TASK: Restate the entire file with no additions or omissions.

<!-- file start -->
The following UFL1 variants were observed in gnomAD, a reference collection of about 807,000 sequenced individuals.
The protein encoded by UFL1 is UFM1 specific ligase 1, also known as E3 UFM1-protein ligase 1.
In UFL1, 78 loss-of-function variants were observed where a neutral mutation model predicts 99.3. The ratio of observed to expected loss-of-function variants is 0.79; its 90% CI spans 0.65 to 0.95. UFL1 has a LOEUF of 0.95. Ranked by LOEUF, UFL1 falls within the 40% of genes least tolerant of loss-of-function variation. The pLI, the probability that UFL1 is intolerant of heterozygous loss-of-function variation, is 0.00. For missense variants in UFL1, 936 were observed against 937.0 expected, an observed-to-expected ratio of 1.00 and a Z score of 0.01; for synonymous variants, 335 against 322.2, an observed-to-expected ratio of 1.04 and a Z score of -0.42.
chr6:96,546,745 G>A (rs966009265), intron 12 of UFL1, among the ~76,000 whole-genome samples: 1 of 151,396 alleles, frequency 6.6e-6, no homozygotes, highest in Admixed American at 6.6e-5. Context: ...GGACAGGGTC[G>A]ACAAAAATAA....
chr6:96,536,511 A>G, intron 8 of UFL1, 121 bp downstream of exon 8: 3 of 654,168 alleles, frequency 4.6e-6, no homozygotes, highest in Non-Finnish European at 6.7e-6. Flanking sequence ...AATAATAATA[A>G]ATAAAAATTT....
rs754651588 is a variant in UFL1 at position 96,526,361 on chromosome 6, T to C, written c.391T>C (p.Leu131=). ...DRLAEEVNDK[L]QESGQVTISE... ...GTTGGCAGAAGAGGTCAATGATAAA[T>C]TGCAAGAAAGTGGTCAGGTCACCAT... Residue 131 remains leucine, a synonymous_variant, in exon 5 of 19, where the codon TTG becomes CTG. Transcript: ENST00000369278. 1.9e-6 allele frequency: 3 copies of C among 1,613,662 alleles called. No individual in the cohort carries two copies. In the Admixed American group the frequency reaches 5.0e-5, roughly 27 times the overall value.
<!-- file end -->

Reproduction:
The following UFL1 variants were observed in gnomAD, a reference collection of about 807,000 sequenced individuals.
The protein encoded by UFL1 is UFM1 specific ligase 1, also known as E3 UFM1-protein ligase 1.
In UFL1, 78 loss-of-function variants were observed where a neutral mutation model predicts 99.3. The ratio of observed to expected loss-of-function variants is 0.79; its 90% CI spans 0.65 to 0.95. UFL1 has a LOEUF of 0.95. Ranked by LOEUF, UFL1 falls within the 40% of genes least tolerant of loss-of-function variation. The pLI, the probability that UFL1 is intolerant of heterozygous loss-of-function variation, is 0.00. For missense variants in UFL1, 936 were observed against 937.0 expected, an observed-to-expected ratio of 1.00 and a Z score of 0.01; for synonymous variants, 335 against 322.2, an observed-to-expected ratio of 1.04 and a Z score of -0.42.
chr6:96,546,745 G>A (rs966009265), intron 12 of UFL1, among the ~76,000 whole-genome samples: 1 of 151,396 alleles, frequency 6.6e-6, no homozygotes, highest in Admixed American at 6.6e-5. Context: ...GGACAGGGTC[G>A]ACAAAAATAA....
chr6:96,536,511 A>G, intron 8 of UFL1, 121 bp downstream of exon 8: 3 of 654,168 alleles, frequency 4.6e-6, no homozygotes, highest in Non-Finnish European at 6.7e-6. Flanking sequence ...AATAATAATA[A>G]ATAAAAATTT....
rs754651588 is a variant in UFL1 at position 96,526,361 on chromosome 6, T to C, written c.391T>C (p.Leu131=). ...DRLAEEVNDK[L]QESGQVTISE... ...GTTGGCAGAAGAGGTCAATGATAAA[T>C]TGCAAGAAAGTGGTCAGGTCACCAT... Residue 131 remains leucine, a synonymous_variant, in exon 5 of 19, where the codon TTG becomes CTG. Transcript: ENST00000369278. 1.9e-6 allele frequency: 3 copies of C among 1,613,662 alleles called. No individual in the cohort carries two copies. In the Admixed American group the frequency reaches 5.0e-5, roughly 27 times the overall value.